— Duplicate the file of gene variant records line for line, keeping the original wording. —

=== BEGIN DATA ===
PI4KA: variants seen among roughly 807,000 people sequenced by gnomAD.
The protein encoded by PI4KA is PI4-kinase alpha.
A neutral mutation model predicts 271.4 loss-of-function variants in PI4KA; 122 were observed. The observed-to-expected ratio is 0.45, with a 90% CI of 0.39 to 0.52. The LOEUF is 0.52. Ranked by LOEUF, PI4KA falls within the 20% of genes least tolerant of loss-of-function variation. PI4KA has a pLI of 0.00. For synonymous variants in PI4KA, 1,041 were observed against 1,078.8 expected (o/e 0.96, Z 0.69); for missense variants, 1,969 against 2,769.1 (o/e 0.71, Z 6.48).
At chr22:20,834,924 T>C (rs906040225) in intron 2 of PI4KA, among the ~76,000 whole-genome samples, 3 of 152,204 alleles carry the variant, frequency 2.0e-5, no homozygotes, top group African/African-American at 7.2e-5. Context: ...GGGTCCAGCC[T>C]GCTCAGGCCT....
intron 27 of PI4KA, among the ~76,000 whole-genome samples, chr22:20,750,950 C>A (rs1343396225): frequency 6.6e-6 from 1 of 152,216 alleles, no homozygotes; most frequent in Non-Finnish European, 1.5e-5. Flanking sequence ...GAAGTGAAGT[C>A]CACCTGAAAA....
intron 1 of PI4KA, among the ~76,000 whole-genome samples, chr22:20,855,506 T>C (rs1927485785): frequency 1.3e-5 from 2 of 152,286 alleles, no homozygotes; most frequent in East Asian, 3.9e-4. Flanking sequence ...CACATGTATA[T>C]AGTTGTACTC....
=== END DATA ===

PI4KA: variants seen among roughly 807,000 people sequenced by gnomAD.
The protein encoded by PI4KA is PI4-kinase alpha.
A neutral mutation model predicts 271.4 loss-of-function variants in PI4KA; 122 were observed. The observed-to-expected ratio is 0.45, with a 90% CI of 0.39 to 0.52. The LOEUF is 0.52. Ranked by LOEUF, PI4KA falls within the 20% of genes least tolerant of loss-of-function variation. PI4KA has a pLI of 0.00. For synonymous variants in PI4KA, 1,041 were observed against 1,078.8 expected (o/e 0.96, Z 0.69); for missense variants, 1,969 against 2,769.1 (o/e 0.71, Z 6.48).
At chr22:20,834,924 T>C (rs906040225) in intron 2 of PI4KA, among the ~76,000 whole-genome samples, 3 of 152,204 alleles carry the variant, frequency 2.0e-5, no homozygotes, top group African/African-American at 7.2e-5. Context: ...GGGTCCAGCC[T>C]GCTCAGGCCT....
intron 27 of PI4KA, among the ~76,000 whole-genome samples, chr22:20,750,950 C>A (rs1343396225): frequency 6.6e-6 from 1 of 152,216 alleles, no homozygotes; most frequent in Non-Finnish European, 1.5e-5. Flanking sequence ...GAAGTGAAGT[C>A]CACCTGAAAA....
intron 1 of PI4KA, among the ~76,000 whole-genome samples, chr22:20,855,506 T>C (rs1927485785): frequency 1.3e-5 from 2 of 152,286 alleles, no homozygotes; most frequent in East Asian, 3.9e-4. Flanking sequence ...CACATGTATA[T>C]AGTTGTACTC....